citibank has accounts internationally. i wonder if i can just deposit in japan as well. brb research

As a longtime credit card and banking citibank customer (for the past 8 years), this was the first thing I called and asked about. I know Webstaa provided a link, but Citibank views those ATMs as out of network and doesn't acknowledge them as NA Citibank ATMs, so unfortunately besides view your balance and pull money, that's all you can do with the ATMs in Tokyo. With the new fees, it's anywhere between 2.50$-4$ to pull money from a Citibank Japan ATM, even if you have free withdrawals from any Citibank ATM.



EDIT #2: You can apparently make Citi deposits through JPost and 7/11 ATMs for 100 to 200 yen in fees.

I had heard this too, from gaijinpot, but when I called the international line the other day, the woman had no idea what I was talking about. Do you happen to have a source?

Another thing about Citibank, and I'm sure this applies to other credit card and banks, but make sure you tell them you're going abroad. With Citibank, you have to notify them every 90days (or at least that's what I'm told). And, if you get a fraud notification (because you purchased something online but it raises a flag), my experience with Citibank is you should call right away...I didn't because I just ended up paying for my order via COD and Citibank closed my credit card account because they hadn't heard from me until I went to try and pay my monthly statement.

I have the biggest lovehate relationship with CITI.

Page
April 14th, 2014, 10:24
Hi Page, was that $12 when you first did it? Just went to my branch and they told me it'd be $18. So with the GoRemit fees, that would be about $40 per transfer, right?

Sorry, I always confuse the monthly maintenance fee and wire fee. I pay $15 per transfer according to my online transactions!

I called once before I came but tbh I haven't used my card (in Japan) since my 1st year so I don't know if there's a window or anything (I just told them for a year when I initially called). The only times I've used my card have been when I'm home or on US websites.

greyjoy
April 14th, 2014, 14:19
It seems like everyone sends money to their US bank account with at least some regularity. Is there any particular reason to do this if I have no bills or debt to pay off? I'm planning on selling my car, so the only real issue would be my credit cards, which I pay off month to month, so that won't linger for long. I guess if I continue to use my credit card, I would have to transfer money to my US account, and pay from there, would that be right? But if I just paid for everything in cash, then I could just keep all my funds in my Japanese account until the end of my contract, or until the Yen jumps to parity with USD, whichever happens first.

webstaa
April 14th, 2014, 14:22
I had heard this too, from gaijinpot, but when I called the international line the other day, the woman had no idea what I was talking about. Do you happen to have a source?

Its the last box in the .pdf I linked earlier. I don't have any actual experience with Citi, other than using one of their ATMs at Chubu in 2011.


Is there any particular reason to do this if I have no bills or debt to pay off?

At least for the US, there are extra loops to jump through if you are wiring more than 300,000 yen/month. Also, going in or out of the US with $10,000 or more means paperwork and dealing with customs.

epikzwei
April 15th, 2014, 13:23
Sorry, I always confuse the monthly maintenance fee and wire fee. I pay $15 per transfer according to my online transactions!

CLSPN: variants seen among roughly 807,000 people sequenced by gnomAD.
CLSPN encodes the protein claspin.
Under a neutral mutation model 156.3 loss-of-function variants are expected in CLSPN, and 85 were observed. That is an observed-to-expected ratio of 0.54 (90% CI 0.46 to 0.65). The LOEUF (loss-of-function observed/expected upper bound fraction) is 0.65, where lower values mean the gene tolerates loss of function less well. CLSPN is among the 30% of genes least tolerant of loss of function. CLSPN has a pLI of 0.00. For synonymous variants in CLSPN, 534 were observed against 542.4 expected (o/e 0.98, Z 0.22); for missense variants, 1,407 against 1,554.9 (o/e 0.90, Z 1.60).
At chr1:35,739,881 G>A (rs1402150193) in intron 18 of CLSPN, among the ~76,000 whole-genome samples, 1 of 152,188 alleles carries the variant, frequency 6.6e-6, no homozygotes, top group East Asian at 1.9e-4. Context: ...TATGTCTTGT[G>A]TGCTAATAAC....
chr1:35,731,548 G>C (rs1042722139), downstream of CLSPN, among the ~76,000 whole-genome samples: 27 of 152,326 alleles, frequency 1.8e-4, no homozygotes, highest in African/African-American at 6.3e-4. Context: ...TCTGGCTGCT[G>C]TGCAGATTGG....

I called once before I came but tbh I haven't used my card (in Japan) since my 1st year so I don't know if there's a window or anything (I just told them for a year when I initially called). The only times I've used my card have been when I'm home or on US websites.
Thanks!


It seems like everyone sends money to their US bank account with at least some regularity. Is there any particular reason to do this if I have no bills or debt to pay off? I'm planning on selling my car, so the only real issue would be my credit cards, which I pay off month to month, so that won't linger for long. I guess if I continue to use my credit card, I would have to transfer money to my US account, and pay from there, would that be right? But if I just paid for everything in cash, then I could just keep all my funds in my Japanese account until the end of my contract, or until the Yen jumps to parity with USD, whichever happens first.
Yeah, I actually don't expect to need to send money home at all...I might end up wiring everything at the end (or in chunks up to the limit, if necessary).

Gizmotech
April 15th, 2014, 15:38
Thanks!


Yeah, I actually don't expect to need to send money home at all...I might end up wiring everything at the end (or in chunks up to the limit, if necessary).

Keep in mind Japan has some strange rules for bringing money into and out of the country. It is far easier to remit progressively than it is to do it in chunks. For instance, GoRemit allows a monthly total of 300,000 (3k usd approx), and to go over requires a lot of calling, paper signing, and random stupidity. Also your home country will have wire transfer rules as well which can cause problems.

Wasabi
April 15th, 2014, 19:40
If I recall correctly, 3k (or 5k?) is the 'red flag' limit at US institutions. When you do any transaction at or over that amount, it's subject to increased scrutiny. They check your name & anyone involved against the OFAC list (basically a list of terrorists and other bad guys). Little known fact, this is all thanks to the Patriot act which stipulates that we can't fund/support terrorism activities. It's all on the bank's end in the US though, I don't believe you should have to do too much on that side of things.

greyjoy
April 15th, 2014, 20:32
There's a basic flag for most monetary transactions, outside of regular purchases, at $3,000, and another one at $10,000. Even regular domestic transfers will hit some level of scrutiny at these marks. I don't know that it's all the result of the Patriot Act, as money laundering was certainly a problem before that. There are other issues with moving that much money around that causes the government no end of grief as well, though certainly they've been awfully focused on terrorism since 2001. But aside from some possible delays and extra paperwork, there shouldn't be any real drawback to transferring in one lump sum. So long as no JETs have been supplementing their income with drug money.

Page
April 16th, 2014, 11:10
It'll depend on he service you go through, basically. I've never sent transfers with the post office, but if you go with GoRemit you'll have to submit special paperwork to be able to transfer more than 300000 in a month (even if they're separate transactions).